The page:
That all being said, we no longer have a need for a second bedroom. We also don’t really need the living room or dining room. We own a massage business. To accommodate for our 1000 clients, we need to be at our office a LOT. So, during the week, we pretty much use the refrigerator, the toilet, and the bed. We even shower at the gym most of the time, so we don’t really need that much. Out of our 1400 sq. ft. townhouse, we probably only use a good 500 sq. ft. on a day to day basis and half of that is only because of the hall way and the empty space between our kitchen and bedroom. On top of rarely using it on weekdays, our weekends are crazy!! We are part of so many different social groups that we rarely stay at home on weekends. We visit my parents in Southwestern Wisconsin, we visit friends in the Greater Minneapolis Area, and we travel all over for races. We are almost never home on weekends.  So, the tiny house seemed FAR more within our reach.

To remedy that rent situation I discussed earlier, we decided to start looking into the tiny house a lot sooner than we had planned. Once we started looking, we realized that we might have the same exact problem on our hands. There were lots of draw backs. The cheapest tiny house we could find that we liked was $25,000!! And most banks won’t finance them as a home because they’re often built on wheels. Therefore, at a 5 year loan with a 5% interest rate, we’d be paying about $600 a month just for our “mortgage”. That didn’t find us a place to park it, which was another problem. Most RV parks and trailer parks don’t take tiny homes because they’re built as a house. Most residential areas have a specific type of house that needs to be on a property, which tiny houses usually don’t fall into the requirements. If we buy our own land, we pay another $300/month. We are then right back to where we don’t want to be with the payment.

In April, Jeremy came up with a solution: Isn’t an RV just a tiny house that’s already been built? It would take care of where to stay for races sometimes too! We started looking through some ads. Of course, we saw that many RVs run at a quarter of a million dollars or more and got a tad discouraged. It wasn’t long before we found out that the vintage models tend to go MUCH MUCH  cheaper. After a small inheritance from his grandma, we decided to start getting serious about an RV. So many to choose from. Class A, B, C, Travel trailer, 5th wheel, camper van, truck topper, converted busses, and other custom models…. and within those different classifications, there are thousands of floor plan layouts.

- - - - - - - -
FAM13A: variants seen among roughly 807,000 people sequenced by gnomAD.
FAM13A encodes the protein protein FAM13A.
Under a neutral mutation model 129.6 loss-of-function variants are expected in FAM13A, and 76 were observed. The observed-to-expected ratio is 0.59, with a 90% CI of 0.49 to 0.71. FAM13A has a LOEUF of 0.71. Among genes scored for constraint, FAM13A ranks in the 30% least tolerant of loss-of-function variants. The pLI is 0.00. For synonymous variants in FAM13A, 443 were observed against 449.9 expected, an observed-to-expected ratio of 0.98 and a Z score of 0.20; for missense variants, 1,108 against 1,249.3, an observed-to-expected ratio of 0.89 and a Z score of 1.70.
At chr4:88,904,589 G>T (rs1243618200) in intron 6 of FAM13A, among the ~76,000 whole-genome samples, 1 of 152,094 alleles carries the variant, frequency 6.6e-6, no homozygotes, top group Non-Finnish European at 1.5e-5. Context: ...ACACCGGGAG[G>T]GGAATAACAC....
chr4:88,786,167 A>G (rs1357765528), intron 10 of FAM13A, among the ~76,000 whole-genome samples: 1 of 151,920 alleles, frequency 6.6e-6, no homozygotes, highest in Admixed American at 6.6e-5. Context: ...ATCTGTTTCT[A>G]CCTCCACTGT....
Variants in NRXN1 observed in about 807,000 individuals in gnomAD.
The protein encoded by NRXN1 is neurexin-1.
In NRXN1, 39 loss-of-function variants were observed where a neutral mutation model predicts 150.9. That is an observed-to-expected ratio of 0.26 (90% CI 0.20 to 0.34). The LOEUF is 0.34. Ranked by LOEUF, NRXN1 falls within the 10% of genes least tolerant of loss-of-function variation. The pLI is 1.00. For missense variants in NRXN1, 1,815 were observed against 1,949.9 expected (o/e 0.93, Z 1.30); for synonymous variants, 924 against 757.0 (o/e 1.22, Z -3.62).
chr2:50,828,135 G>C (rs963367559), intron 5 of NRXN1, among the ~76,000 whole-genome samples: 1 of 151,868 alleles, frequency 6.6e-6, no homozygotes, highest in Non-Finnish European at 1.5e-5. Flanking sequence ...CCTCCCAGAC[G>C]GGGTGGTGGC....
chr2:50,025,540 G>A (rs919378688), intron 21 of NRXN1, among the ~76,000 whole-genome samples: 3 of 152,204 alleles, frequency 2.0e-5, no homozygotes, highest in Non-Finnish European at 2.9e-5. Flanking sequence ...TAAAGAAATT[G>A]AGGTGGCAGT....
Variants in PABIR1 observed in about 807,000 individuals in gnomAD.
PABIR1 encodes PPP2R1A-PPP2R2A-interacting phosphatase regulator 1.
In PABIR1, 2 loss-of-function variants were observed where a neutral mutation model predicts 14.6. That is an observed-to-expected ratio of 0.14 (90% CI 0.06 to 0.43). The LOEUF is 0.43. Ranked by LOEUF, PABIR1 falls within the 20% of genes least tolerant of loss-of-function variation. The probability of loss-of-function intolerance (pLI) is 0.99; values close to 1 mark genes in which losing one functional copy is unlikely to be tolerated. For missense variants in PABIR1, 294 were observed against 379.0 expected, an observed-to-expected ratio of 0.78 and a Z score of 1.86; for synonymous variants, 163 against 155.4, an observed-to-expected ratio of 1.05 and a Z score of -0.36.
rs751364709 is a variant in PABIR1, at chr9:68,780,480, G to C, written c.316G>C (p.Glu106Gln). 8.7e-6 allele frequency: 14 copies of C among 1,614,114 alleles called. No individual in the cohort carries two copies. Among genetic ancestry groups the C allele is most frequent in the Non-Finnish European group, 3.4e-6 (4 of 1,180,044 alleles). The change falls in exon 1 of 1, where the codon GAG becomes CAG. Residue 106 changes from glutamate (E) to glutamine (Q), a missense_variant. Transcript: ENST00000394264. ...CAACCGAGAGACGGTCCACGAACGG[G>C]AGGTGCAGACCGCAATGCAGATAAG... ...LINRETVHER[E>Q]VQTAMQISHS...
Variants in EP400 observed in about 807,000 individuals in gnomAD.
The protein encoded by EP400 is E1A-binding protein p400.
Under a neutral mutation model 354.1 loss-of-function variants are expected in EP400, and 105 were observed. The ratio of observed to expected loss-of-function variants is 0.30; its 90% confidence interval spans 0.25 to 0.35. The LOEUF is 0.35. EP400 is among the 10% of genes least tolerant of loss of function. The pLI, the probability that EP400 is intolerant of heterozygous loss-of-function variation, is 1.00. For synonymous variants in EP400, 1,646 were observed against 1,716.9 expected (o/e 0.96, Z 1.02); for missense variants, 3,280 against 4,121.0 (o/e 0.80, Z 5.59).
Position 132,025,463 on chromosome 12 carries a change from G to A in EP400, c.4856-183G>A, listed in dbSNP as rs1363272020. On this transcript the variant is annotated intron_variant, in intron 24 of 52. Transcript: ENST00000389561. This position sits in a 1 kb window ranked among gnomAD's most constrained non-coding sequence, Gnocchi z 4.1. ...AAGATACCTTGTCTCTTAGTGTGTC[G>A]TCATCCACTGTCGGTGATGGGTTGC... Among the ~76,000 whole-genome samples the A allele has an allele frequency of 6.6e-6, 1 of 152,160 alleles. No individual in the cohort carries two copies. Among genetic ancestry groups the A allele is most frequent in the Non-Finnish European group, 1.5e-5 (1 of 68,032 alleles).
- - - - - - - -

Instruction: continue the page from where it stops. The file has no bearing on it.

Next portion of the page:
Oh my, we had our hands full looking, but we knew that it was what we wanted. This way, we don’t need to worry about building a custom model. We don’t need to find a plot if we don’t want to. We can really use it to travel when we desire. So, we picked a few floor plans and classifications that we liked and got busy. We checked out CrankyApe.com to see if an auction would have “the one”; we scoured Craigslist and Facebook sales sites; we even checked the paper. We knew that we had time, so we wanted to find the exact right place for us. My grandpa was even selling his 1999 Winnebago Grand Tour and we looked it over. It was slightly out of our price range and didn’t have quite the right layout for us, but it felt comfortable to sit and hang out in. In the end, it wasn’t for us. We knew we had time and wanted to get the one that fit in our budget AND in our hearts.

Then, one day, Jeremy found the perfect one on Craigslist. It was $2200, class A, no slide outs, and a floor plan we liked. She’s a 1990 Tiffin Allegro 30′ motorhome. We looked at it and instantly fell in love. Unfortunately, it wasn’t quite ready to drive away. The fuel pump had recently gone out on it while it sat without the previous owners’ knowledge. He was very gracious and replaced it for us before we could take it away. While we waited, we came up with names, got our cash in order, and prepared Jeremy’s parents for her to be parked in their yard for the winter.

3 weeks later, we went and picked up The Girl Next Door. She was a little rough around the edges when we picked her up. Little things here and there that need some fixing. But, she’s pretty, she’s homey, and she gets the job done. She’s not right for everyone, but The Girl Next Door is just right for us.

We are done with our lease on April 1 of this year. Before then, we will be going full time in the RV. We will stick around Wisconsin for now. We like our business and we want to be close to our friends and family. This little town has treated us really well so far. While we are around here, we have some little things to fix up on The Girl Next Door. We need to redo the caulking and trim; they’ve been weathered while she sat. She has a bump in her back bumper; we’ll probably try to fix that. Her exhaust pipe is rusting through. Her windshield is cracked and there’s a dent in her side. Little things here and there just need a fix and a straightening. However, she’s road worthy and she is livable. Starting sometime in March, home is where she goes.